Water-Based Therapies of Bhutan: Current Practices and the Recorded Clinical Evidence of Balneotherapy
NUGRAHA, Ari Satia
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Medical water therapy (also called medical hydrology) is practiced worldwide both for relaxation and treatment of diseases. While this practice is still thriving in Bhutan, there is a lack of proper documentation and critical study. Therefore, the current study reports on the water therapies practiced in Bhutan and their health benefits. We used four-stage process: (1) a review of literature on balneotherapy (both traditional textbooks and scientific papers); (2) listing and surveying the hot springs, mineral, and holy spring waters; (3) reviewing the health records of the patients maintained at the traditional hospitals and interviewing traditional physicians and patients about health benefits; and (4) reviewing available literature to identify existing clinical trials data to provide evidence for hydrotherapies. We found three main forms of hydrotherapies are practiced in Bhutan, which comprises herbal bath therapy, balneotherapy, and spiritually empowered waters. The most popular hydrotherapies are herbal bath and hot spring therapies. Herbal bath therapy needs traditional physicians’ prescriptions, while hot springs do not require it. Through field surveys, ten different hot springs (tsha-chu) and 17 medicinal water or mineral springs (sman-chu), and 17 holy spring-waters (sgrub-chu) were identified. In general, medical water therapies are used by the Bhutanese people to treat various ailments, including gastritis, neurological disorders, arthritis, dermatological diseases, and rheumatological and musculoskeletal disorders. Even though a lack of scientific evidence makes it difficult to draw concrete conclusions on their traditionally claimed efficacy and safety, there are clinical evidences documented from other countries.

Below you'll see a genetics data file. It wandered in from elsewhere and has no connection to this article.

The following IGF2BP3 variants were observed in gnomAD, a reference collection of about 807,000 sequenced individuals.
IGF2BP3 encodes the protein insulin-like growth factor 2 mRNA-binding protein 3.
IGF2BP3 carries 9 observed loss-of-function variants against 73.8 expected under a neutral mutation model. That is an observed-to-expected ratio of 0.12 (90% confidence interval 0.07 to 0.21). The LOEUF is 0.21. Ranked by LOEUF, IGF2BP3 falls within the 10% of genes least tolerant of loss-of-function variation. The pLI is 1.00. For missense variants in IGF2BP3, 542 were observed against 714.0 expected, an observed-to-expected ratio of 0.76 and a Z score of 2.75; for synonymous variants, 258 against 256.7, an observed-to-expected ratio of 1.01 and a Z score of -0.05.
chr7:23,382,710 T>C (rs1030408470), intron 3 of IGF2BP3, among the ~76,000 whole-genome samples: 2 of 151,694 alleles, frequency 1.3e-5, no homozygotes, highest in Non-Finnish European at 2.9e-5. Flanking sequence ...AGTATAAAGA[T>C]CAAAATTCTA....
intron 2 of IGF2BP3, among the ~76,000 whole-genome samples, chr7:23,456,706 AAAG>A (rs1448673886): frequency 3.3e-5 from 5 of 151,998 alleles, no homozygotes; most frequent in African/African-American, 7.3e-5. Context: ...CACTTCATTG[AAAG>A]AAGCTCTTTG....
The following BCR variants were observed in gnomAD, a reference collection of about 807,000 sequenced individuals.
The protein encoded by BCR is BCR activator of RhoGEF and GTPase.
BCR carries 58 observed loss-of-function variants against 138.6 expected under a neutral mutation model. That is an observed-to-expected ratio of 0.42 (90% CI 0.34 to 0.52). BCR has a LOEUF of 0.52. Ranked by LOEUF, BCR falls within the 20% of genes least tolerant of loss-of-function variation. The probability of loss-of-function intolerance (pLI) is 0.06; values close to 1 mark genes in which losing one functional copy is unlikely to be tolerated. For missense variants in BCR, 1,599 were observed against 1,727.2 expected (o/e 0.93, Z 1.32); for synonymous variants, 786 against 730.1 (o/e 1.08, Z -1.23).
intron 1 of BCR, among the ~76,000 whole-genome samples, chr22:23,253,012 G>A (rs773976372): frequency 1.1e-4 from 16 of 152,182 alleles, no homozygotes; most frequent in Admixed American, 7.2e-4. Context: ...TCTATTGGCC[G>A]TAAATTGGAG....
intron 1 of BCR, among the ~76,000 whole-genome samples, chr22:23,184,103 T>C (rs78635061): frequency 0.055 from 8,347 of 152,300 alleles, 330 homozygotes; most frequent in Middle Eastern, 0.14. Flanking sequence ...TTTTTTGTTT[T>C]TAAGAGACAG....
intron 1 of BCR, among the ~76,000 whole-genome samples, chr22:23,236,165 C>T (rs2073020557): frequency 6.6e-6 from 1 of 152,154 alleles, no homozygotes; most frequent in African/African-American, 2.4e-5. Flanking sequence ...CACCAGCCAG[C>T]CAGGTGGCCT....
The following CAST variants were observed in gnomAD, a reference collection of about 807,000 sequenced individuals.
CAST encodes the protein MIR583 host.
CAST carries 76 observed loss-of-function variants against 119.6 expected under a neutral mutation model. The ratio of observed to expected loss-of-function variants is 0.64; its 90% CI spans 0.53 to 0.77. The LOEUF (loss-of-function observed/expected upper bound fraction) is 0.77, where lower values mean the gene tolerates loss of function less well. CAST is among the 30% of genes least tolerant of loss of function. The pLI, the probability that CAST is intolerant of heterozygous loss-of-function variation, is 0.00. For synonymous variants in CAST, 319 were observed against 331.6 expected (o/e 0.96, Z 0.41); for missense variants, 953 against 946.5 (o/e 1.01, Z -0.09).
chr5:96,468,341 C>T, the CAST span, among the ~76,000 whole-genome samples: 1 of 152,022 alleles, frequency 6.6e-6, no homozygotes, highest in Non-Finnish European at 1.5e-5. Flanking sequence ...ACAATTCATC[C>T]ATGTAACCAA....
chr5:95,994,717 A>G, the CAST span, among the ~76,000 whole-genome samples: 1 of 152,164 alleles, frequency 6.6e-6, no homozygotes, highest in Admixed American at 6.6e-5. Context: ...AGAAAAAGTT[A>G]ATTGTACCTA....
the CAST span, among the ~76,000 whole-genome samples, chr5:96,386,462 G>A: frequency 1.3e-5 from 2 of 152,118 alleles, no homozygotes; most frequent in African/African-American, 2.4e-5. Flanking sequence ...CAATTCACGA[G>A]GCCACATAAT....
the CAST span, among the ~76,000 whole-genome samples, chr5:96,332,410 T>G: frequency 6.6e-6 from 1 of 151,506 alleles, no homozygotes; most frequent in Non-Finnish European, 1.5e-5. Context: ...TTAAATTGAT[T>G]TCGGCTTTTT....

- LSP-Jurnal Ilmiah Dosen